• Can evolve while retaining compatibility for minor release boundaries; in other words, incompatible changes to APIs marked Stable are allowed only at major releases (i.e. at m.0).
  • Evolving
    • Evolving, but incompatible changes are allowed at minor release (i.e. m .x)
  • Unstable
    • Incompatible changes to Unstable APIs are allowed any time. This usually makes sense for only private interfaces.
    • However one may call this out for a supposedly public interface to highlight that it should not be used as an interface; for public interfaces, labeling it as Not-an-interface is probably more appropriate than “Unstable”.
      • Examples of publicly visible interfaces that are unstable (i.e. not-an-interface): GUI, CLIs whose output format will change
  • Deprecated
    • APIs that could potentially removed in the future and should not be used.

How are the Classifications Recorded?

How will the classification be recorded for Hadoop APIs?

  • Each interface or class will have the audience and stability recorded using annotations in org.apache.hadoop.classification package.
  • The javadoc generated by the maven target javadoc:javadoc lists only the public API.
  • One can derive the audience of java classes and java interfaces by the audience of the package in which they are contained. Hence it is useful to declare the audience of each java package as public or private (along with the private audience variations).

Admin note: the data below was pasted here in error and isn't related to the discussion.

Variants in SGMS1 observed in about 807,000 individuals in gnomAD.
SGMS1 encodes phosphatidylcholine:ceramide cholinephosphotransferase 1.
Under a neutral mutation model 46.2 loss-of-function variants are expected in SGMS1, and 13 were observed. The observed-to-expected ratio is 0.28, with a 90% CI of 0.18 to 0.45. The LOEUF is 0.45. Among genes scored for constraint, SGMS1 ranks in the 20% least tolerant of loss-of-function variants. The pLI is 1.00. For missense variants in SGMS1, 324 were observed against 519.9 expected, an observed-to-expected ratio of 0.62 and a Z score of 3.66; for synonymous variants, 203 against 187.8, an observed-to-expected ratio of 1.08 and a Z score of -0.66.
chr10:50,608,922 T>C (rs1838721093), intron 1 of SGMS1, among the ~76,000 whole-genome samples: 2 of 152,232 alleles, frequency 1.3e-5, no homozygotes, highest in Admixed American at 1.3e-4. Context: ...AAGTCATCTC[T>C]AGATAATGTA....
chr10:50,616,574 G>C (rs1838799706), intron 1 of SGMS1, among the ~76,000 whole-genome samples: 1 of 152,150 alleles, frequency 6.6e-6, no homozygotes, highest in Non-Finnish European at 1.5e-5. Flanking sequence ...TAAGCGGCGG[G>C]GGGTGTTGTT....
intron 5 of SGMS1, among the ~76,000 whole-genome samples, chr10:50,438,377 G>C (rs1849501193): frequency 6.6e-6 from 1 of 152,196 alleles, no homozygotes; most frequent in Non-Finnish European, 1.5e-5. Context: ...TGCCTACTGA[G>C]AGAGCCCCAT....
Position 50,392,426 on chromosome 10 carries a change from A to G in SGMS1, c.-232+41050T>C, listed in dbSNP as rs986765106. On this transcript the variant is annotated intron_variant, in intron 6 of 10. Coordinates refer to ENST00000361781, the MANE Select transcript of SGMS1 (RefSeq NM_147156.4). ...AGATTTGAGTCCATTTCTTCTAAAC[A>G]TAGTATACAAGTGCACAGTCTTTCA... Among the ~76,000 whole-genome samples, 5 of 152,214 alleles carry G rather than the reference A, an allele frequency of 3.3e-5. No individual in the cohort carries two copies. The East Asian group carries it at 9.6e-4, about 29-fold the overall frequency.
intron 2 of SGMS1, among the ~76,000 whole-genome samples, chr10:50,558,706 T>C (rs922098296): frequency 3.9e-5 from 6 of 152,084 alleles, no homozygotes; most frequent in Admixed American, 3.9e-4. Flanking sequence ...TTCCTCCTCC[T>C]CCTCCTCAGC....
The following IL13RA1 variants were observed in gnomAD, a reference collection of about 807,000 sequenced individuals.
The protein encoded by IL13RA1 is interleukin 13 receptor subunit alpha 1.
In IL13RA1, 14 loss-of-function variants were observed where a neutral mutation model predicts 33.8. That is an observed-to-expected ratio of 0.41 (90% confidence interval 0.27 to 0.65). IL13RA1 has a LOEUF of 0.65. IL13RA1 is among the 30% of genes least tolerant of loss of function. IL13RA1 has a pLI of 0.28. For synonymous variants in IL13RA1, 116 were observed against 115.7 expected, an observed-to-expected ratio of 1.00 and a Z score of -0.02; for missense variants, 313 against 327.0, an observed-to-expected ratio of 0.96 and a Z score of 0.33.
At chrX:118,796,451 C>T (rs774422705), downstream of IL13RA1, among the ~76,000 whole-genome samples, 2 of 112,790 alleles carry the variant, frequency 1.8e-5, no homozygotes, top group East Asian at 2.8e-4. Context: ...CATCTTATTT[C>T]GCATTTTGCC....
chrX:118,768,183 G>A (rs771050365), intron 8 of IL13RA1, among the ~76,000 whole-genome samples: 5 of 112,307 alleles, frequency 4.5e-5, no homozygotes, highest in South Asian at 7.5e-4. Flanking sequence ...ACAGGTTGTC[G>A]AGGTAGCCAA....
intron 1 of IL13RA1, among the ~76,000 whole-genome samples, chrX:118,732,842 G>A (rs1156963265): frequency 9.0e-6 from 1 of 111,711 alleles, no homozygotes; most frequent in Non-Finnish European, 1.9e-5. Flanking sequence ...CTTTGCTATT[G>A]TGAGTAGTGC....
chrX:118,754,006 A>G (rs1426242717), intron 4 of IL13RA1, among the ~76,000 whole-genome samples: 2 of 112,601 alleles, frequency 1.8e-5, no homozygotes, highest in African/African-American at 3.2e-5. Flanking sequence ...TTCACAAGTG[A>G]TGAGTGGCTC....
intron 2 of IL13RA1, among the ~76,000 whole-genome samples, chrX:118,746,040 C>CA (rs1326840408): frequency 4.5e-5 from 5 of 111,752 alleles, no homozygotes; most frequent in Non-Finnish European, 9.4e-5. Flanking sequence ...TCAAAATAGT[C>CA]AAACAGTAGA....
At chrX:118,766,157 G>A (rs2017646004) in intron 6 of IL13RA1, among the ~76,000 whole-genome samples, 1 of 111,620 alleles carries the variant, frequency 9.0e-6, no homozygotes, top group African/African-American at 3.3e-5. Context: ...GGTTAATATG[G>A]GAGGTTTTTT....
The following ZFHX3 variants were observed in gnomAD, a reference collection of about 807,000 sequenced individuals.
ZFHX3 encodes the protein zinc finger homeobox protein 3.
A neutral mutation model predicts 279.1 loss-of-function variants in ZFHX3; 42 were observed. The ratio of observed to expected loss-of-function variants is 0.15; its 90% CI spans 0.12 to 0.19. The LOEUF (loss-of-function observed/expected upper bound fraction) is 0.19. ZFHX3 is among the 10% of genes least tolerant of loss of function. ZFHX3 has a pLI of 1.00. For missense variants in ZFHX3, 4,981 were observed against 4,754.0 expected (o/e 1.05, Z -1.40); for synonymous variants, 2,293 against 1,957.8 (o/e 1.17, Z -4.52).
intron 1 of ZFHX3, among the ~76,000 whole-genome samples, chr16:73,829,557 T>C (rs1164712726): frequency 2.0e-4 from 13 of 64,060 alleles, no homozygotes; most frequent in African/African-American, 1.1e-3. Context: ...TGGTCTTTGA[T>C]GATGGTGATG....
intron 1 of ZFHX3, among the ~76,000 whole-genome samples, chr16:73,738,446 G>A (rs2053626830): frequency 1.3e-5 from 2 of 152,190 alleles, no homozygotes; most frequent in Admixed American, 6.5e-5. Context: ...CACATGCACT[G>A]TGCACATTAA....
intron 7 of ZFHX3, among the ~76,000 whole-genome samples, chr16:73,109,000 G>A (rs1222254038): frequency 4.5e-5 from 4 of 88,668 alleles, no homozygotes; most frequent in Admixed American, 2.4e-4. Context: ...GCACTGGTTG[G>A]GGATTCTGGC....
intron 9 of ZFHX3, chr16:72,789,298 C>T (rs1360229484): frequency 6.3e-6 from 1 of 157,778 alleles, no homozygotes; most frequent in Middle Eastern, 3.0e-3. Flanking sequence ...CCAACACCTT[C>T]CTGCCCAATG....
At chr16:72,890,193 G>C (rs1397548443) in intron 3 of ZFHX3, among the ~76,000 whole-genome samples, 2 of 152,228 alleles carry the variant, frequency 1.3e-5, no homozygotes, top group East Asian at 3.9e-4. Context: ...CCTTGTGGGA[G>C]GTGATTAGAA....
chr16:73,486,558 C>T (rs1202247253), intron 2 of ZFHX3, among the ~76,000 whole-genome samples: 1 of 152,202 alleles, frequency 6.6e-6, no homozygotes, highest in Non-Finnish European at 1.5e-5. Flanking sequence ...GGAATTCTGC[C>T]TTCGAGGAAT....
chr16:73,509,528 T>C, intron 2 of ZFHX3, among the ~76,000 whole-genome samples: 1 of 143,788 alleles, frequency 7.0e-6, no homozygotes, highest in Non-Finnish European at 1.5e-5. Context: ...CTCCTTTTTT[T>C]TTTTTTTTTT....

• Why aren’t the java scopes (private, package private and public) good enough?
    • Java’s scoping is not very complete. One is often forced to make a class public in order for other internal components to use it. It does not have friends or sub-package-private like C++.
  • But I can easily access a private implementation interface if it is Java public. Where is the protection and control?
    • The purpose of this is not providing absolute access control. Its purpose is to communicate to users and developers. One can access private implementation functions in libc; however if they change the internal implementation details, your application will break and you will have little sympathy from the folks who are supplying libc. If you use a non-public interface you understand the risks.
  • Why bother declaring the stability of a private interface? Aren’t private interfaces always unstable?
    • Private interfaces are not always unstable. In the cases where they are stable they capture internal properties of the system and can communicate these properties to its internal users and to developers of the interface.
      • e.g. In HDFS, NN-DN protocol is private but stable and can help implement rolling upgrades. It communicates that this interface should not be changed in incompatible ways even though it is private.
      • e.g. In HDFS, FSImage stability can help provide more flexible roll backs.
  • What is the harm in applications using a private interface that is stable? How is it different than a public stable interface?